Citadel to phase out private equity

The largest private equity firm in Africa plans to increase its stake in certain core businesses while exiting non-core investments and transforming into an investment holding company.

Big changes are coming to Citadel Capital.

The Cairo-listed firm and largest private equity fund manager in Africa is pursuing a strategic initiative that will see it exit the private equity asset class entirely over the next few years by transforming into an investment holding company. Citadel will ask its shareholders to approve a share issuance of EGP 3.64 billion (€396 million; $528 million), proceeds for which will be used to increase the firm’s stakes in certain portfolio companies to between 51 percent and 100 percent. While increasing its position in businesses in its five core industries of energy, transportation, agrifoods, mining and cement, Citadel will exit non-core investments and transition into an investment company.

“Economic fallout from the Arab Spring has generally depressed asset values and put liquidity at a premium, making this an opportune moment to increase our holding in core investments,” Ahmed Heikal, Citadel’s chairman and founder, said in a statement.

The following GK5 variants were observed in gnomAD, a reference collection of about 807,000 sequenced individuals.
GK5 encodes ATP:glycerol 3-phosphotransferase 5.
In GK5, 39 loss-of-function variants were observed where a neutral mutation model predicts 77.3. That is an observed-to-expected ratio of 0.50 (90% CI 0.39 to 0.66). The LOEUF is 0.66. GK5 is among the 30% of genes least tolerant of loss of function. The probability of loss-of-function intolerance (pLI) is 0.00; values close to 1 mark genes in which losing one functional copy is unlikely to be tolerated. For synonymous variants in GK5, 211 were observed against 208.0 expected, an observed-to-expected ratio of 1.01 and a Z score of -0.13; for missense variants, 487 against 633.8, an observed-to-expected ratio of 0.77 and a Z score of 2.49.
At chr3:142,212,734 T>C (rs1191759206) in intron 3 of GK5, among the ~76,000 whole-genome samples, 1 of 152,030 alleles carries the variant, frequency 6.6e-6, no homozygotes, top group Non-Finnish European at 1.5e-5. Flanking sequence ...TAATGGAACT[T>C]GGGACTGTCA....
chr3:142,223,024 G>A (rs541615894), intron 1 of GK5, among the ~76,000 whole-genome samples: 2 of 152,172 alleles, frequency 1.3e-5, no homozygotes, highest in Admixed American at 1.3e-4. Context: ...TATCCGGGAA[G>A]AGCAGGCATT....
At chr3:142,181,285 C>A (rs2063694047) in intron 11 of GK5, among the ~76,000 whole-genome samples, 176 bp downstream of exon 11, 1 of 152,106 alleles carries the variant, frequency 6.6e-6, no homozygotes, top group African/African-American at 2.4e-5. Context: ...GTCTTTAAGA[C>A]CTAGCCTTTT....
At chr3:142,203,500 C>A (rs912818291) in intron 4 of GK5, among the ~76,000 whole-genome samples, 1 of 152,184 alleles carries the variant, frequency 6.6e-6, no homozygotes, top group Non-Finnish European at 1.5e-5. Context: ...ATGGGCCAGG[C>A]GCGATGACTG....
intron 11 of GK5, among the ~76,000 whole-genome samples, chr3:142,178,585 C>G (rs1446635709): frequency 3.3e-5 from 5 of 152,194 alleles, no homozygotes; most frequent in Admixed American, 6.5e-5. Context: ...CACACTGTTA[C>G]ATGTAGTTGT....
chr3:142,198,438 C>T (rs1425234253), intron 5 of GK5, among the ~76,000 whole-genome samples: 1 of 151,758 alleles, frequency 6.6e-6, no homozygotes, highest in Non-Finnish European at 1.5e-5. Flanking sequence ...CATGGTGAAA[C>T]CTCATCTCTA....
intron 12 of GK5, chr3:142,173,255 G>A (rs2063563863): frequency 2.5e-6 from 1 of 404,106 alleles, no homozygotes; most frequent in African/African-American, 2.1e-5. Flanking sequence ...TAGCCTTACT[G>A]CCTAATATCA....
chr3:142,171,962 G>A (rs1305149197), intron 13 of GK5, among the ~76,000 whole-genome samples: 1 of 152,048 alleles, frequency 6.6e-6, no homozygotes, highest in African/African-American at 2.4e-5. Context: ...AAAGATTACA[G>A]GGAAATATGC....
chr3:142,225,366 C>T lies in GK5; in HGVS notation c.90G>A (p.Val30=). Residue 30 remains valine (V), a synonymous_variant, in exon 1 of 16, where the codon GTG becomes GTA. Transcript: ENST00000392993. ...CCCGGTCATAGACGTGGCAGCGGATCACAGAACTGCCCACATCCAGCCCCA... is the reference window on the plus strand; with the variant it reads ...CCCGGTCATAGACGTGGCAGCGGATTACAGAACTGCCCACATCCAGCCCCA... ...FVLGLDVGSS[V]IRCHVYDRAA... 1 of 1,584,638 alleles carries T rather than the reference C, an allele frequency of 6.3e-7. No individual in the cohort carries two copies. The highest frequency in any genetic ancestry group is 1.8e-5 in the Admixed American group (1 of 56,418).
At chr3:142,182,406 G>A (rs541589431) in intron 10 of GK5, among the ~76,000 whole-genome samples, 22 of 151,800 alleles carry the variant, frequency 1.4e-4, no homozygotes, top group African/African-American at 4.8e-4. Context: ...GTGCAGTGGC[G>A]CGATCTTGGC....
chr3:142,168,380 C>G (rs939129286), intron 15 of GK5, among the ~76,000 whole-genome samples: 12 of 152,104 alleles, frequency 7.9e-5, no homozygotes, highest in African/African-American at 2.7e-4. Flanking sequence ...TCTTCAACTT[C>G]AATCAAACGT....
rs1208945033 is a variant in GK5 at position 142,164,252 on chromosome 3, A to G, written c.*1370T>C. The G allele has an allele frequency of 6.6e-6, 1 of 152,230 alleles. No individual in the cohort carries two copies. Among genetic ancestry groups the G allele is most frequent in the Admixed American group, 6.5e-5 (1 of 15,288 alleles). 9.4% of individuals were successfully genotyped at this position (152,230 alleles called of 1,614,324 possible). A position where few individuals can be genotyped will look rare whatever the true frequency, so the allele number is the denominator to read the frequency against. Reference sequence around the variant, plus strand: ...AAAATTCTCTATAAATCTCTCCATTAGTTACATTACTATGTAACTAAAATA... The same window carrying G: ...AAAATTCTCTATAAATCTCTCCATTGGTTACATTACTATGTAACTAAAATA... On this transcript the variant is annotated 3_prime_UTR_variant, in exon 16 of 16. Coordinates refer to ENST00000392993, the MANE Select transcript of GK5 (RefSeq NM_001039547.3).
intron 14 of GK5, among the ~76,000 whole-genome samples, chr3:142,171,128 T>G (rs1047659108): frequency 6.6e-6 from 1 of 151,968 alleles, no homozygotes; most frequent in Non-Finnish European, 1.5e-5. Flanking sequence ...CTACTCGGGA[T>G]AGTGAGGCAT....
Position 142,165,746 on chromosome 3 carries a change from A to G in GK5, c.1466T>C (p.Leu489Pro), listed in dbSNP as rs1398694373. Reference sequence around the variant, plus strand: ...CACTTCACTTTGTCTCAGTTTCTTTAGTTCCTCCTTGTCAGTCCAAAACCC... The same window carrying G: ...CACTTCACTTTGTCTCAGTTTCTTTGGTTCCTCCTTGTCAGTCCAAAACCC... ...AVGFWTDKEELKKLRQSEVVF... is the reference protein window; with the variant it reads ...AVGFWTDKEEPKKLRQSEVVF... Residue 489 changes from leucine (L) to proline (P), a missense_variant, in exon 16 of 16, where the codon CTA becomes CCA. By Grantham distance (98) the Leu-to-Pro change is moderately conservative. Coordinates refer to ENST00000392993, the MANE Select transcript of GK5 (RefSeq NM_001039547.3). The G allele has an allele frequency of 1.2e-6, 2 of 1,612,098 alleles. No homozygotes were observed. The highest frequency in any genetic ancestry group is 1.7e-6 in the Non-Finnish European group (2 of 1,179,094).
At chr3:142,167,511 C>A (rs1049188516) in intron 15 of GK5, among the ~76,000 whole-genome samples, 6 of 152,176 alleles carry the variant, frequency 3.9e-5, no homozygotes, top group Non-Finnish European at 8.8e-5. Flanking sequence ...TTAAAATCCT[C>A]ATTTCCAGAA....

“At the same time, that fallout has also accelerated and brought into sharp relief a number of macro trends that are very favorable to our core investments. Capturing the upside presented by these macro trends is demanding transformation in our DNA that will allow a more concentrated focus on a limited number of investments” he said. 

If approved, Citadel’s share issuance will bring the firm’s total paid in capital from EGP 4.3 billion to EGP 8 billion. The proposed increase is one of the first steps in a process that will allow co-investors and limited partners in Citadel’s portfolio companies to become shareholders in the firm. The process of divesting non-core businesses is expected to take at least three years. 

“The exit process will be orderly and primarily through trade sales,” Citadel co-founder and managing director Hisham El-Khazindar said in the statement. “We will continue to drive growth at select non-core investments prior to exit through the deployment of long-term funding.”

The strategy overhaul comes following two consecutive years of losses at the firm. Citadel generated losses of EGP 702.4 million in 2012 and EGP 800.5 million in 2011. 

Citadel was established in 2004 and has always raised capital for specific platform deals in addition to raising limited partner-style funds. The firm’s 19 opportunity-specific funds have invested $9.5 billion in 15 countries.